Risk Assessment

Advice for Extreme Winter Weather

First Snow fall
First Snow fall

Are you ready to manage the adverse weather conditions in the UK? Is your organisation prepared? At this stage most people would say, “isn’t dealing with cold weather just common sense?” and as the author of this work I would have a tendency to agree with you. However, I would also ask, “Where do I get my common sense from?” Your common sense is developed from childhood by your parents/responsible adults in your life and is developed through interactions with others and I hope we can all agree that our version of ‘common sense’ changes over the years due to our experiences; in fact we are all the sum of our experiences.

Significant numbers of accidents occur during adverse weather. The Hospital Episode Statistics for England show there were 7,031 admissions to hospital in 2012/13 as a result of people falling over on snow or ice some of which could have been prevented with a little preparation and forethought.

Beware of Treacherous Weather Conditions

The HSE’s latest statistics highlighted that there are 50% more trips and falls during the darker winter months with shorter daylight hours and harsh weather conditions as big contributing factors. This can lead to you and colleagues taking time off work, so potentially reduced working hours and more work to catch up on when you return to work. Slipping on ice is one of the biggest causes of accidents and could even lead to litigation.

Workplace Winter Weather Factors

If are responsible for health & safety in your company ensure you have a winter risk management policy in place and the following factors have been covered:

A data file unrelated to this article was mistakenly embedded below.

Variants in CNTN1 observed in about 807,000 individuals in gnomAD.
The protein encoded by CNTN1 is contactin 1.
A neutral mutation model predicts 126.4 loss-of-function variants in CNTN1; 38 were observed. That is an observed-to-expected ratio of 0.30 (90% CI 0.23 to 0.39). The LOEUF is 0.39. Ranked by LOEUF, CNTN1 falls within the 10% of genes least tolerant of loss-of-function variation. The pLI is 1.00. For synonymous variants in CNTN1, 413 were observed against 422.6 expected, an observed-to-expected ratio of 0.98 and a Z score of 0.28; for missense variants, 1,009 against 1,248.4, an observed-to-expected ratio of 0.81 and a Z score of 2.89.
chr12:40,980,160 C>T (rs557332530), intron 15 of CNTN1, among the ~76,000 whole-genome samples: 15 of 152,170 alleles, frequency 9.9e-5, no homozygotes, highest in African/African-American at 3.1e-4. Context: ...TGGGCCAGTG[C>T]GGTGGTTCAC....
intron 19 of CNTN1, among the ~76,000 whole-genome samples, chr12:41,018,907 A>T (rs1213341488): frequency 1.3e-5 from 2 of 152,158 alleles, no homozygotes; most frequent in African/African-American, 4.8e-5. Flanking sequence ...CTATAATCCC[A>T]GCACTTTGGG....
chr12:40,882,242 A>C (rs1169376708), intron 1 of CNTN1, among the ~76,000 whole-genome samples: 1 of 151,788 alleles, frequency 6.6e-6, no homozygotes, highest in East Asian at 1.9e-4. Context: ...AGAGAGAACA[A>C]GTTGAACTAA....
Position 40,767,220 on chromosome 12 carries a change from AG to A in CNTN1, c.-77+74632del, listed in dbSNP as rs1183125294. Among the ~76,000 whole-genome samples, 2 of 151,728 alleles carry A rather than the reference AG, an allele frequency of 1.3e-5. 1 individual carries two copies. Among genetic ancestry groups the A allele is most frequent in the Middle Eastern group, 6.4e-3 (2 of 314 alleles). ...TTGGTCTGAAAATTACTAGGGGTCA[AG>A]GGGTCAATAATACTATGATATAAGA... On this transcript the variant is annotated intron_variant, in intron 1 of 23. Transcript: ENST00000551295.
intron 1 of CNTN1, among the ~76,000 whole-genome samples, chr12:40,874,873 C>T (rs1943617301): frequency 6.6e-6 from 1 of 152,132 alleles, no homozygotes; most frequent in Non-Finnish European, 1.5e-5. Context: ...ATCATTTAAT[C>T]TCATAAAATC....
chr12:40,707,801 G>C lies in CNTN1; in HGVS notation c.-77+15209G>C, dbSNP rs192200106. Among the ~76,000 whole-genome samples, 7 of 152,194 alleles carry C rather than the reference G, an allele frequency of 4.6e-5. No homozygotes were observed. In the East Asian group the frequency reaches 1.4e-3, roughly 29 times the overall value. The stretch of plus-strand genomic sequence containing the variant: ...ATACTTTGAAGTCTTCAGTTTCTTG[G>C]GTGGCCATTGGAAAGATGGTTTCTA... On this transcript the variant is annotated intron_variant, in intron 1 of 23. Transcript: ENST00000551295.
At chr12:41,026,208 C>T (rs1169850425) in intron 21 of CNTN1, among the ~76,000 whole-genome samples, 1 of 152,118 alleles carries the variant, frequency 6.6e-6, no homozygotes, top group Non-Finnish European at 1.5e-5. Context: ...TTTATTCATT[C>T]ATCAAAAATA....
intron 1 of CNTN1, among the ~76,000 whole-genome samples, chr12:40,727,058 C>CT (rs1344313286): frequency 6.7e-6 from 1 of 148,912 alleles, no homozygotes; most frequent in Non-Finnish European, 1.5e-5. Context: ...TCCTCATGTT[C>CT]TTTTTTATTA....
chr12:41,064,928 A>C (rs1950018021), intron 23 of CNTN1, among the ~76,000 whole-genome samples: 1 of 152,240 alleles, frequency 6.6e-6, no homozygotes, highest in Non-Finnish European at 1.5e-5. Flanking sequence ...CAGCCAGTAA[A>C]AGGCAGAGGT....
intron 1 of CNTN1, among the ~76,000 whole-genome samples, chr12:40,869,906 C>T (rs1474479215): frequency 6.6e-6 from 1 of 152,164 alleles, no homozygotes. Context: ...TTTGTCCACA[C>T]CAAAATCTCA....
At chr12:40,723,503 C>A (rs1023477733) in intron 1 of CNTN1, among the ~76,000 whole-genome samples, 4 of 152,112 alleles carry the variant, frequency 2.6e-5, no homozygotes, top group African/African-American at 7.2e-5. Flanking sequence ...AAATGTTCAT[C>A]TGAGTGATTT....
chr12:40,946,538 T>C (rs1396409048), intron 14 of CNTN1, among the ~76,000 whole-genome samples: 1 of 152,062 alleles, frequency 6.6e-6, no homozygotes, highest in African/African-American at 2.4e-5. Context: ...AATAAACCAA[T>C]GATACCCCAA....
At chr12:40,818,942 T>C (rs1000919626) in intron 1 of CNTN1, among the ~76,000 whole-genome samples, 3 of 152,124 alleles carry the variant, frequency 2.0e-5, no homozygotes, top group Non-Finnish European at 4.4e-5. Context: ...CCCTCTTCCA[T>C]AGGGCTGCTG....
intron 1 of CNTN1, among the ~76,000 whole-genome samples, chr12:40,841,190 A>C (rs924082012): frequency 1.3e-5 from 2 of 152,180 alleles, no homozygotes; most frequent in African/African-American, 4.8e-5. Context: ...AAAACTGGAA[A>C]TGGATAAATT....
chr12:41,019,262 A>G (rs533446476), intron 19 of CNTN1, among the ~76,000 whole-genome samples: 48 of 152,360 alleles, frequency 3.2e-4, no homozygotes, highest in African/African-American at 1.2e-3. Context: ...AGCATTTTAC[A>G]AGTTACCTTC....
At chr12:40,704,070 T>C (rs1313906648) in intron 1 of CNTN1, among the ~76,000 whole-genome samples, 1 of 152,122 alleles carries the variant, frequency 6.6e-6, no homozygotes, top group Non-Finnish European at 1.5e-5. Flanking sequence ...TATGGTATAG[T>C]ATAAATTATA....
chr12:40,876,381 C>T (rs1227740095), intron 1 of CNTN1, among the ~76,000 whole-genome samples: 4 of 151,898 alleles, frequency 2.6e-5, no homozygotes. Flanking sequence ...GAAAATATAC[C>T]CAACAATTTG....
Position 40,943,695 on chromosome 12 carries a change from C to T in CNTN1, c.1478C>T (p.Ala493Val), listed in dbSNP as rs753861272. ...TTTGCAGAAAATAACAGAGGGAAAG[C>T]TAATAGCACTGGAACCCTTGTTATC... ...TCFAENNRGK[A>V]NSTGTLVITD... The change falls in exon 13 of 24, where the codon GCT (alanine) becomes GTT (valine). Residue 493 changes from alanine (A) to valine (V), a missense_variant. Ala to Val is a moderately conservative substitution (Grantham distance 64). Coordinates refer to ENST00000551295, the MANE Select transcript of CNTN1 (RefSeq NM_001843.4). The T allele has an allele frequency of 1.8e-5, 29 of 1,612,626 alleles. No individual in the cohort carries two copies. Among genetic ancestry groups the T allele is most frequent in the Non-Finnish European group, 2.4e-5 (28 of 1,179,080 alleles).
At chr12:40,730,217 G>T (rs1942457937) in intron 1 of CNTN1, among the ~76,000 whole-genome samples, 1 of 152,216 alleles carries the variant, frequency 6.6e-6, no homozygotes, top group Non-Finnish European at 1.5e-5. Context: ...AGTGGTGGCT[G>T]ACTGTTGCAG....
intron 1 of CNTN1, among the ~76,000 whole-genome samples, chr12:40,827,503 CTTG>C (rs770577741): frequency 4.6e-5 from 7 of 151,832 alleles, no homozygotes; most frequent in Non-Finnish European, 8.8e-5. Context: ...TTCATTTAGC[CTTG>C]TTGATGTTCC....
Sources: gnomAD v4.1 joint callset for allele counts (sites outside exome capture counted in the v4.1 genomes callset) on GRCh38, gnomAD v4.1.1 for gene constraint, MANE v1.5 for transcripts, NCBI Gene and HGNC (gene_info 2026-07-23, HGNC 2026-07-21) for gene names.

• Ensure the workplace areas are well lit inside and outside.
  • Ensure all pathways are cleared of leaves and are slip resistant.
  • When frost, ice and snow occur ensure you have a procedure in place to stop icy surfaces forming and/or keep pedestrians off the slippery surface.
  • Grit can be used, with effective signage and warning cones. For more detailed information read the HSE’s guide.

In order that you as an individual and an employee are well prepared for extreme weather, consider the following factors:

Policy: are you aware of the contents of your company’s Winter Risk Management Policy? Ensure you know all its details and you follow the guidance.

Contacts: make sure you have a list of people in your phone or in a diary for example, so that you can let the relevant people know you are not coming in or are running late.

Parking: consider where you will be parking and manage the risk accordingly; remember some side street may not be gritted.

Leeds in the snow
Leeds in the snow

Clothing and Footwear: consider the weather forecast before you travel. If you have a car you can keep useful items such as warm clothes, food, water, boots, a torch and spade in it. However, if you are using public transport consider what clothing and footwear you may need for a return journey if the weather turns.

Travelling: ensure your mobile is charged; you may wish to consider a small portable battery charger as a backup. Check you have enough fuel in your vehicle especially if you may get stuck on a road far from home. Ideally inform someone of your travel arrangements so if anything goes wrong, help should be able to get to you quicker.

These are just some basic common sense approaches to adverse winter weather when you are out and about. Be aware that adverse weather increases the risks so be ready to manage it with knowledge and forethought. Reduce your winter weather risks!

If you would like more information or advice on managing health and safety in your workplace, please visit our website.

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